Live review: Rosanne Cash @ Denver Botanic GardensBy Jeremy Simon | August 1st, 2011 | 1 Comment »
For an upmarket crowd on a perfect evening in the heart of the highly manicured Denver Botanic Gardens, Rosanne Cash performed a highly manicured set of songs Friday evening that featured nary an off note or a rough patch. Cash’s voice, backed by a five-piece band, flowed easily. She was “a river with a voice,” to quote a lyric from “Wheel,” one of the songs she performed.
The dark, heartbroken subject matter of Cash’s songs sharply contrasted the surface beauty that surrounded her. I suppose it’s unsurprising that Cash sees more clearly in the darkness, as her father was the Man in Black. If sadness is a gift, as has been said, then every day is Christmas for Rosanne Cash.
In the first half of her set, Cash drew heavily on songs from “The List” — her 2009 album of covers, drawn from a list of “100 Essential Country Song”s that Johnny Cash had given her. And so far-flung songs such as “Sea of Heartbreak,” “Girl from the North Country” and “Miss the Mississippi and You” wafted over the Denver flowers, sung nostalgically by Cash as if a cabaret torch singer representing Cole Porter in a New York club.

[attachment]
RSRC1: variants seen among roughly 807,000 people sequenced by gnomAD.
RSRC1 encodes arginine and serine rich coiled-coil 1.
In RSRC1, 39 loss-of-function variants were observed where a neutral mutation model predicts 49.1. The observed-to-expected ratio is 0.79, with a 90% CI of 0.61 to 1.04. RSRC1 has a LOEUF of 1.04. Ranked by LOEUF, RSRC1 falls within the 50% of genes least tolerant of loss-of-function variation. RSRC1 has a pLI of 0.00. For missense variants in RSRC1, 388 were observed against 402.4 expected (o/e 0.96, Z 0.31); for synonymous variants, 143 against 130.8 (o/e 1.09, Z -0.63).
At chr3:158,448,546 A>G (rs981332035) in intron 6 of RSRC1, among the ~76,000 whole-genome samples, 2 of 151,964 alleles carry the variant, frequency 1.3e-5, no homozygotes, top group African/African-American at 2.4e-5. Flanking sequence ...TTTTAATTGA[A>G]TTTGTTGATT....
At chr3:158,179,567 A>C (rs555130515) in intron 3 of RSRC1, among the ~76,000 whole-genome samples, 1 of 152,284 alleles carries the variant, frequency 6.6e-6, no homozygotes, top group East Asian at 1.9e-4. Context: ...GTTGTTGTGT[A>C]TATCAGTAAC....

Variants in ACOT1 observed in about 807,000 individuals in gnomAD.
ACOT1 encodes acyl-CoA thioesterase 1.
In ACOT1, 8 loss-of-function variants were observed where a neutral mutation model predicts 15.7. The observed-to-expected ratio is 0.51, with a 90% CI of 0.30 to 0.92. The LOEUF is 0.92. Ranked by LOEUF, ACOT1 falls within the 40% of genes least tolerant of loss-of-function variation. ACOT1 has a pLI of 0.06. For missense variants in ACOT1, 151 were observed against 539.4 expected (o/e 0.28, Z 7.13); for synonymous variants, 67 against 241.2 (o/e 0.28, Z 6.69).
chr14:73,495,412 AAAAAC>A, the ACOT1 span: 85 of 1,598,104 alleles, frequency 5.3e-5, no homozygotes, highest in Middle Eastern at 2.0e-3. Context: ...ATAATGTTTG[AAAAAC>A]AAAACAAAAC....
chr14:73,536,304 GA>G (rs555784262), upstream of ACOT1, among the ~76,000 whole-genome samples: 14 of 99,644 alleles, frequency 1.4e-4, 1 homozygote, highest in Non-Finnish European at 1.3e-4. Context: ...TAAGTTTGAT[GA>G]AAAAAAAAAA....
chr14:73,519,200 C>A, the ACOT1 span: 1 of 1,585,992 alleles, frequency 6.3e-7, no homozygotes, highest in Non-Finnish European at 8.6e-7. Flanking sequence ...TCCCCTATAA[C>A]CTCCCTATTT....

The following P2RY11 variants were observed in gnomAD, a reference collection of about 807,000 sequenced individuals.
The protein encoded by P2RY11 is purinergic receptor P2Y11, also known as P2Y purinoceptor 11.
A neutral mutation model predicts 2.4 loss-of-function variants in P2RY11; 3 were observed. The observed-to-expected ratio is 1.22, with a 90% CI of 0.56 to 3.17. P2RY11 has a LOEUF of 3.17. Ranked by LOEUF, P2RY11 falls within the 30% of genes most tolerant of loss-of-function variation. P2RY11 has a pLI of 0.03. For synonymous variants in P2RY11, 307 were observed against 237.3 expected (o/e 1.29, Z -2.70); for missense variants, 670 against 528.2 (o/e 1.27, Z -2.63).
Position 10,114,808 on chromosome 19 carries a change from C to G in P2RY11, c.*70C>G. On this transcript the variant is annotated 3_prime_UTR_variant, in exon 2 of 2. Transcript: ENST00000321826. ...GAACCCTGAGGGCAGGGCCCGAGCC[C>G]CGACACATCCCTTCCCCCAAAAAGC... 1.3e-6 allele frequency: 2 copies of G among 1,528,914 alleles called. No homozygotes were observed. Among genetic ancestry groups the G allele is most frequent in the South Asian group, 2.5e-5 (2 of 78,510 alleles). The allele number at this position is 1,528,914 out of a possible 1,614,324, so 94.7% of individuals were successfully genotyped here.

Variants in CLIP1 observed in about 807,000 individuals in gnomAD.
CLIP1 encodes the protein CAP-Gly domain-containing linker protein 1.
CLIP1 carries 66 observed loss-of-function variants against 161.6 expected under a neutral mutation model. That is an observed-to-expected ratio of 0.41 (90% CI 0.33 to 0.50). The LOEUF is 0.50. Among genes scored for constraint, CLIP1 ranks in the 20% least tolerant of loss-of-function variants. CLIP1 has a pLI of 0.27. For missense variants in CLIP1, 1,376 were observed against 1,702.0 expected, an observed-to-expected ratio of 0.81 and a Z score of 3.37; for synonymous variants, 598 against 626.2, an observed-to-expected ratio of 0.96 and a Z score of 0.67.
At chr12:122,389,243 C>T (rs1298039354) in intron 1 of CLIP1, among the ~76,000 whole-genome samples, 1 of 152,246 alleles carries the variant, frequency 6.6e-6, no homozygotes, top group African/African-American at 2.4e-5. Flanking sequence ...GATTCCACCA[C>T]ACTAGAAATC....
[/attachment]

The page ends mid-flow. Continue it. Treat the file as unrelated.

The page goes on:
But this was hardly a mourn-fest: the scene didn’t call for one. The vocal and aesthetic beauty were matched by the beauty of Cash’s band. Among her mates was guitarist John Leventhal — an outstanding sound sculptor whose modest, tasteful fills made every song coming off the Gardens stage sound a little more heavenly. Leventhal happens to be married to Cash. Tempting as it is to hope for the lyrical possibilities Cash might reap from another emotional breakup … a match with Leventhal is, as a listener at least, one made in heaven.
Jeremy Simon is a Lafayette freelance writer and regular contributor to Reverb.